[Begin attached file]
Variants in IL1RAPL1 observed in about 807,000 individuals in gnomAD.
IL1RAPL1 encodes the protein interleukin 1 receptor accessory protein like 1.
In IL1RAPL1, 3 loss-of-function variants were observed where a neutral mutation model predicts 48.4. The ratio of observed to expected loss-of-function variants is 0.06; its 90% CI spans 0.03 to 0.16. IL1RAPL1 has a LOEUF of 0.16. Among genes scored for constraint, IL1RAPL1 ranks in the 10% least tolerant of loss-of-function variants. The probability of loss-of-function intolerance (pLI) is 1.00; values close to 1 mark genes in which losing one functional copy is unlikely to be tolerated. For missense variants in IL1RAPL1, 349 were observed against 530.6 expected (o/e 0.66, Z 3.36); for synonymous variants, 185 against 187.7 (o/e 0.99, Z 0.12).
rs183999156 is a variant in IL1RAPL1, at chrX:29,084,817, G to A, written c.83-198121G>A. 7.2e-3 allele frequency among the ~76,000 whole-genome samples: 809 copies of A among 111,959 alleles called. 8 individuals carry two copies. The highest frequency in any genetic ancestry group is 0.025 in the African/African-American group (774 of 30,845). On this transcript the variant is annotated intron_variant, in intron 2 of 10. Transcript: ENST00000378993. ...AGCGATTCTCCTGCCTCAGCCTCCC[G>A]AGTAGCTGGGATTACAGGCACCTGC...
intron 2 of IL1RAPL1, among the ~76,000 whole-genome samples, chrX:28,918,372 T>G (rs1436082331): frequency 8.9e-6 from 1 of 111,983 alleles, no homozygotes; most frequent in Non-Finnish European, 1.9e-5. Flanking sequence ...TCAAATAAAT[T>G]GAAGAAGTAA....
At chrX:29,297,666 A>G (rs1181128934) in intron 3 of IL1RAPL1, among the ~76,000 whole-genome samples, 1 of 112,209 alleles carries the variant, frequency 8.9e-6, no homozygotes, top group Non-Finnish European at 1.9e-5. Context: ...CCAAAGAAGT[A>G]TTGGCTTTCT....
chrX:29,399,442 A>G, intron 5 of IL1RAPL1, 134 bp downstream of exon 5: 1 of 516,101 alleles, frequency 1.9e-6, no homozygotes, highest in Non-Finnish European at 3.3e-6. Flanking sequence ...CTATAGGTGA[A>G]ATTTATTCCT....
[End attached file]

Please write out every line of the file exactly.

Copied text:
Variants in IL1RAPL1 observed in about 807,000 individuals in gnomAD.
IL1RAPL1 encodes the protein interleukin 1 receptor accessory protein like 1.
In IL1RAPL1, 3 loss-of-function variants were observed where a neutral mutation model predicts 48.4. The ratio of observed to expected loss-of-function variants is 0.06; its 90% CI spans 0.03 to 0.16. IL1RAPL1 has a LOEUF of 0.16. Among genes scored for constraint, IL1RAPL1 ranks in the 10% least tolerant of loss-of-function variants. The probability of loss-of-function intolerance (pLI) is 1.00; values close to 1 mark genes in which losing one functional copy is unlikely to be tolerated. For missense variants in IL1RAPL1, 349 were observed against 530.6 expected (o/e 0.66, Z 3.36); for synonymous variants, 185 against 187.7 (o/e 0.99, Z 0.12).
rs183999156 is a variant in IL1RAPL1, at chrX:29,084,817, G to A, written c.83-198121G>A. 7.2e-3 allele frequency among the ~76,000 whole-genome samples: 809 copies of A among 111,959 alleles called. 8 individuals carry two copies. The highest frequency in any genetic ancestry group is 0.025 in the African/African-American group (774 of 30,845). On this transcript the variant is annotated intron_variant, in intron 2 of 10. Transcript: ENST00000378993. ...AGCGATTCTCCTGCCTCAGCCTCCC[G>A]AGTAGCTGGGATTACAGGCACCTGC...
intron 2 of IL1RAPL1, among the ~76,000 whole-genome samples, chrX:28,918,372 T>G (rs1436082331): frequency 8.9e-6 from 1 of 111,983 alleles, no homozygotes; most frequent in Non-Finnish European, 1.9e-5. Flanking sequence ...TCAAATAAAT[T>G]GAAGAAGTAA....
At chrX:29,297,666 A>G (rs1181128934) in intron 3 of IL1RAPL1, among the ~76,000 whole-genome samples, 1 of 112,209 alleles carries the variant, frequency 8.9e-6, no homozygotes, top group Non-Finnish European at 1.9e-5. Context: ...CCAAAGAAGT[A>G]TTGGCTTTCT....
chrX:29,399,442 A>G, intron 5 of IL1RAPL1, 134 bp downstream of exon 5: 1 of 516,101 alleles, frequency 1.9e-6, no homozygotes, highest in Non-Finnish European at 3.3e-6. Flanking sequence ...CTATAGGTGA[A>G]ATTTATTCCT....